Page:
Moon and Myths: Superstitions Surrounding the Full Moon


There was a full “strawberry” moon this past Friday on June 13, sparking the superstition and intrigue. There are many myths and superstitions surrounding the full moon. A full moon rising on Friday the 13 is a very rare occurrence, with the next predicted to happen by NASA in August 2049. The last Friday the 13 full moon happened in October 2000. This June moon was particularly extraordinary because it was a “strawberry” moon, which gets its name from the reddish color and the fact that, according to the Farmer’s Almanac, June is strawberry season.

In folklore, there are many myths about full moons and Friday the 13 that have led to superstitions surrounding this particular moon. An ancient Babylonian manuscript prescribes that women are more fertile during a full moon. Many women today believe that their menstrual cycles correspond to the moon. There is also a superstition that more women go into labor during the full moon. However, this belief has not been confirmed by scientific studies. In ancient Greece, Diana the Goddess of the Hunt was associated with both the moon and child-birth, demonstrating that this is an ancient association held by humans over many eras.

The most common myth surrounding the full moon is that it evokes madness. The word “lunacy” stems from the root “lunar”, which describes the moon. From old stories of werewolves to myths about a higher rate of insanity homicide, and suicide, lunacy affected by the full moon appears frequently in old folklore. There have been studies to try and link these behaviors with the full moon occurring, but as of now, there is no statistically significant relationship between the full moon and insane or anti-social behavior. Because the moon is such a powerful astronomical force that affects the earth’s tides and allows humans to track their lives according to a lunar monthly cycle, superstitions about the full moon are still popular today. For example, some people believe that there is a link between the full moon and seizures, or the full moon and the appearance of black cats. Some people believe that there must be a strong link between the moon and human behavior because of how much the moon affects the earth from a physical standpoint.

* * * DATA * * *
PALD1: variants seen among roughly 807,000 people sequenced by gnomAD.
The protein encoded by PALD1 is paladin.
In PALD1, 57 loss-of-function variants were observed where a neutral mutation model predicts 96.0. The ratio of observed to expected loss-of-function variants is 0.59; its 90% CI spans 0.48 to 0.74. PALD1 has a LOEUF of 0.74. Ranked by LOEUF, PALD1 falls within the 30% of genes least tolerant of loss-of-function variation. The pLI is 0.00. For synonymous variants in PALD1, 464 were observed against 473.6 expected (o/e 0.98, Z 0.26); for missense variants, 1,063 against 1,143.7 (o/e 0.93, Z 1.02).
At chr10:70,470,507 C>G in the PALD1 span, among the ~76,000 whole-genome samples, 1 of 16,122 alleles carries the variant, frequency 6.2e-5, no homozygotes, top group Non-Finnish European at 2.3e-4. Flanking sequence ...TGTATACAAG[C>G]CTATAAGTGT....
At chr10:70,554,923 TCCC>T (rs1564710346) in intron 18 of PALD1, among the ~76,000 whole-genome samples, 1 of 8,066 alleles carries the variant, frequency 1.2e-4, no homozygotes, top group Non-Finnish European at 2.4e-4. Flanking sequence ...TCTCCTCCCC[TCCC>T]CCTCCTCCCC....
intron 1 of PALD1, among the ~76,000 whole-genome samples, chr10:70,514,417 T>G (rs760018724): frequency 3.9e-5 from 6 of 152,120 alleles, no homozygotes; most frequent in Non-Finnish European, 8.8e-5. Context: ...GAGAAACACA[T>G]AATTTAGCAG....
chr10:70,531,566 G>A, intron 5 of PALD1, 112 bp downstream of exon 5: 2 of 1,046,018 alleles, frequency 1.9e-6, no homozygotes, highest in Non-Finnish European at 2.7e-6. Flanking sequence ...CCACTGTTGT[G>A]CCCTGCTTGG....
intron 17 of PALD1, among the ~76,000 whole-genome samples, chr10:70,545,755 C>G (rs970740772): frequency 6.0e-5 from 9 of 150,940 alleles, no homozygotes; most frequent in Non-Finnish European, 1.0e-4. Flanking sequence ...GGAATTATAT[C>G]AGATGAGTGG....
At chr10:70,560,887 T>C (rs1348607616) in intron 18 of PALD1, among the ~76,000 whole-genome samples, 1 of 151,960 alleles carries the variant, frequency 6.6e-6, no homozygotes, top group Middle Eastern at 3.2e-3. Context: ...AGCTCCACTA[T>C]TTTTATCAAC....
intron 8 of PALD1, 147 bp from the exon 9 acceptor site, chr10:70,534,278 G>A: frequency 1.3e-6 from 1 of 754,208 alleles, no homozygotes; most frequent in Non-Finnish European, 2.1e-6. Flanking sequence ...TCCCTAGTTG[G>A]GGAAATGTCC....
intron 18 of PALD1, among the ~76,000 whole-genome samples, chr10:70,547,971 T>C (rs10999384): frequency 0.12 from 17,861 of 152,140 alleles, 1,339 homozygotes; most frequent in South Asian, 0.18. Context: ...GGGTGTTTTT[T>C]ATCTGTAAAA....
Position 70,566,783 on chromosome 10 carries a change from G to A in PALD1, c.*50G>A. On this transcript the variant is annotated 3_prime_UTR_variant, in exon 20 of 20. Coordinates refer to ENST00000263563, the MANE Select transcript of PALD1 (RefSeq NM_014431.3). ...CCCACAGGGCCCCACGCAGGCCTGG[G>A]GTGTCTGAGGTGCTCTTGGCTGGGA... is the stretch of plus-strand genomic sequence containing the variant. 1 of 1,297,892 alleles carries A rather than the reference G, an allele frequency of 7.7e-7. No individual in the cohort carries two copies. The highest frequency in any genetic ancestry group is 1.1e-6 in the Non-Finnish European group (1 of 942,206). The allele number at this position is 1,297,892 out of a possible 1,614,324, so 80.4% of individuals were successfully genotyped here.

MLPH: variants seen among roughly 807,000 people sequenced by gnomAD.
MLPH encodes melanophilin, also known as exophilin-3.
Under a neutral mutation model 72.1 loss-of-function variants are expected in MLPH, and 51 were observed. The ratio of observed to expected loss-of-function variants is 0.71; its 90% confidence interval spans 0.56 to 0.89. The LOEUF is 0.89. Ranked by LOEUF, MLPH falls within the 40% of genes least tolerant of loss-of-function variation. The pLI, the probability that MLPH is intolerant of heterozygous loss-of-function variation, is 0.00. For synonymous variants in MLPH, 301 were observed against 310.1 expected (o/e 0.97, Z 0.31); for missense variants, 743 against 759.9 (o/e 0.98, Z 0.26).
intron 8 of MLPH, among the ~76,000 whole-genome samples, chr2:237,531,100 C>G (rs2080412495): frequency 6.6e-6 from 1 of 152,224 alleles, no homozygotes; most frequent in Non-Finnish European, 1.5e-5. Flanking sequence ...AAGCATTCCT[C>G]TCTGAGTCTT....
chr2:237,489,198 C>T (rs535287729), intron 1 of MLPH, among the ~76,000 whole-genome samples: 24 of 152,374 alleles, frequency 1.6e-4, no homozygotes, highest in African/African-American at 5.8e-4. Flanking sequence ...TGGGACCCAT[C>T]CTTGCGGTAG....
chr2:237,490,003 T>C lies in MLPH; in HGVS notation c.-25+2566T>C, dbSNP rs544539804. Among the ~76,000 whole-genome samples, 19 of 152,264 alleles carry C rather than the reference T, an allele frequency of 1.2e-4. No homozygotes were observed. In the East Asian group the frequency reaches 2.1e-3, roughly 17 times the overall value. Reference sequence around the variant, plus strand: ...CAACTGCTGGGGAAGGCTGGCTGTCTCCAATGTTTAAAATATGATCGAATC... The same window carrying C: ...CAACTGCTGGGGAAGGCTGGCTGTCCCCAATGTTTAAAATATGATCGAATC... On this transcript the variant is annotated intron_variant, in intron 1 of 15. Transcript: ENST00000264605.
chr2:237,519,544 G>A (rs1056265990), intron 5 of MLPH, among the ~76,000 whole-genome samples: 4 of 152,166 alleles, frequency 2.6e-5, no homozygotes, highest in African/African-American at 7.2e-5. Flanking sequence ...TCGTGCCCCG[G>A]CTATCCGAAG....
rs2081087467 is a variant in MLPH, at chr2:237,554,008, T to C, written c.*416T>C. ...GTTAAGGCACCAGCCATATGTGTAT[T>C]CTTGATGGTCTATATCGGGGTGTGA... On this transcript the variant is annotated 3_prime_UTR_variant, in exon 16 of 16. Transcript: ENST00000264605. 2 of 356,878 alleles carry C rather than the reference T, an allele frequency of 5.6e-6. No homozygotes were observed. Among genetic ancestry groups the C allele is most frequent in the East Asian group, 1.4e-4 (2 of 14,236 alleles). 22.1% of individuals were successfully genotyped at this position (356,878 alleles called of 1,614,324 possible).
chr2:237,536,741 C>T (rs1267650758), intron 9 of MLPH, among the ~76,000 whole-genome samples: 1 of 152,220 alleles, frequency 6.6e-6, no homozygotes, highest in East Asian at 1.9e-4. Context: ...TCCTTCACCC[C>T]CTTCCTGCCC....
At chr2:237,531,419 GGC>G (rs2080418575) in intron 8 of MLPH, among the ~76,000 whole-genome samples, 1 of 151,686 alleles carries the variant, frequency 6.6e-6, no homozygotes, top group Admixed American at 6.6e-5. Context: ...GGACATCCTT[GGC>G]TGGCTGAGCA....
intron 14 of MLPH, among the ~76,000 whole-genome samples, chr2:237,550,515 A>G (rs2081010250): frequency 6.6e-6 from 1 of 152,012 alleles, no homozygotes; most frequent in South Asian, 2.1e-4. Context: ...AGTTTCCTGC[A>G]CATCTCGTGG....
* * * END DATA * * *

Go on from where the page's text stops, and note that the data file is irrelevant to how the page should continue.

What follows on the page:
The fact that the full moon happened on Friday the 13 also brings up a whole slew of folkloric myths and superstitions. While the moon is associated with madness, Friday the 13 is primarily associated with bad luck. Friday has been associated with bad luck because of Chaucer’s 14th century English novel The Canterbury Tales, in which many of the characters regarded Friday as an inauspicious day to attempt to travel, work, or start any new projects. 13 is considered an unlucky number in itself, primarily due to ancient religious numerology. In many numerology systems, the number 12 is associated with chronological completion, such as the twelve days of the year, the twelve hours in day, the twelve tribes of Israel, and Jesus’s twelve apostles. If 12 is completion, than 13 represents disorder and imbalance. Both Friday and the number 13 have been associated with bad luck throughout the ages.

Whether one believes in the myths and superstitions surrounding the moon or not, this past “strawberry” moon on Friday, June 13th was quite a spectacular sight.

By Louise Webster

ABC News
CBS News
The Skeptic’s Dictionary

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